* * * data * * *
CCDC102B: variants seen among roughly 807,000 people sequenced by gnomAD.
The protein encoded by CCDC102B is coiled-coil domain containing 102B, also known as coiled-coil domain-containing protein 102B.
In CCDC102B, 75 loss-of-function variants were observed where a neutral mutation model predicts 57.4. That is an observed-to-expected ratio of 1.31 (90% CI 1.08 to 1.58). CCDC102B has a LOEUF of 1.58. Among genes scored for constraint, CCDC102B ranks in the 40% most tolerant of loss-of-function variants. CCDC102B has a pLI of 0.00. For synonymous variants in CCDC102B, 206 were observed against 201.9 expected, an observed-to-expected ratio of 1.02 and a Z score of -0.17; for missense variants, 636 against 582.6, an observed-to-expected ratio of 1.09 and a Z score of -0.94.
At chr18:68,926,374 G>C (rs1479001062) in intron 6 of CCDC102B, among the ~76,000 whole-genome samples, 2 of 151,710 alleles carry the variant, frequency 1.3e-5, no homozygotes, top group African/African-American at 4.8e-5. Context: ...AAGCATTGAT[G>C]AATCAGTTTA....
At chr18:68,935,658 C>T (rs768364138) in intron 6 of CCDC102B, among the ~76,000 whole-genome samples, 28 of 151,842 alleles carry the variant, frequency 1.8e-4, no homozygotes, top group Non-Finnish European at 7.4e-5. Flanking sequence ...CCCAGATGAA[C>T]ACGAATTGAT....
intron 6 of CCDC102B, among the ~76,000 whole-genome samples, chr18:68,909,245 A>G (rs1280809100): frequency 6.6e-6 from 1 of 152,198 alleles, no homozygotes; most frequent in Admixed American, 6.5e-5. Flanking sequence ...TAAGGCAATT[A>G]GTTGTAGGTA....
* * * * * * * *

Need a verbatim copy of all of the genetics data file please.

CCDC102B: variants seen among roughly 807,000 people sequenced by gnomAD.
The protein encoded by CCDC102B is coiled-coil domain containing 102B, also known as coiled-coil domain-containing protein 102B.
In CCDC102B, 75 loss-of-function variants were observed where a neutral mutation model predicts 57.4. That is an observed-to-expected ratio of 1.31 (90% CI 1.08 to 1.58). CCDC102B has a LOEUF of 1.58. Among genes scored for constraint, CCDC102B ranks in the 40% most tolerant of loss-of-function variants. CCDC102B has a pLI of 0.00. For synonymous variants in CCDC102B, 206 were observed against 201.9 expected, an observed-to-expected ratio of 1.02 and a Z score of -0.17; for missense variants, 636 against 582.6, an observed-to-expected ratio of 1.09 and a Z score of -0.94.
At chr18:68,926,374 G>C (rs1479001062) in intron 6 of CCDC102B, among the ~76,000 whole-genome samples, 2 of 151,710 alleles carry the variant, frequency 1.3e-5, no homozygotes, top group African/African-American at 4.8e-5. Context: ...AAGCATTGAT[G>C]AATCAGTTTA....
At chr18:68,935,658 C>T (rs768364138) in intron 6 of CCDC102B, among the ~76,000 whole-genome samples, 28 of 151,842 alleles carry the variant, frequency 1.8e-4, no homozygotes, top group Non-Finnish European at 7.4e-5. Flanking sequence ...CCCAGATGAA[C>T]ACGAATTGAT....
intron 6 of CCDC102B, among the ~76,000 whole-genome samples, chr18:68,909,245 A>G (rs1280809100): frequency 6.6e-6 from 1 of 152,198 alleles, no homozygotes; most frequent in Admixed American, 6.5e-5. Flanking sequence ...TAAGGCAATT[A>G]GTTGTAGGTA....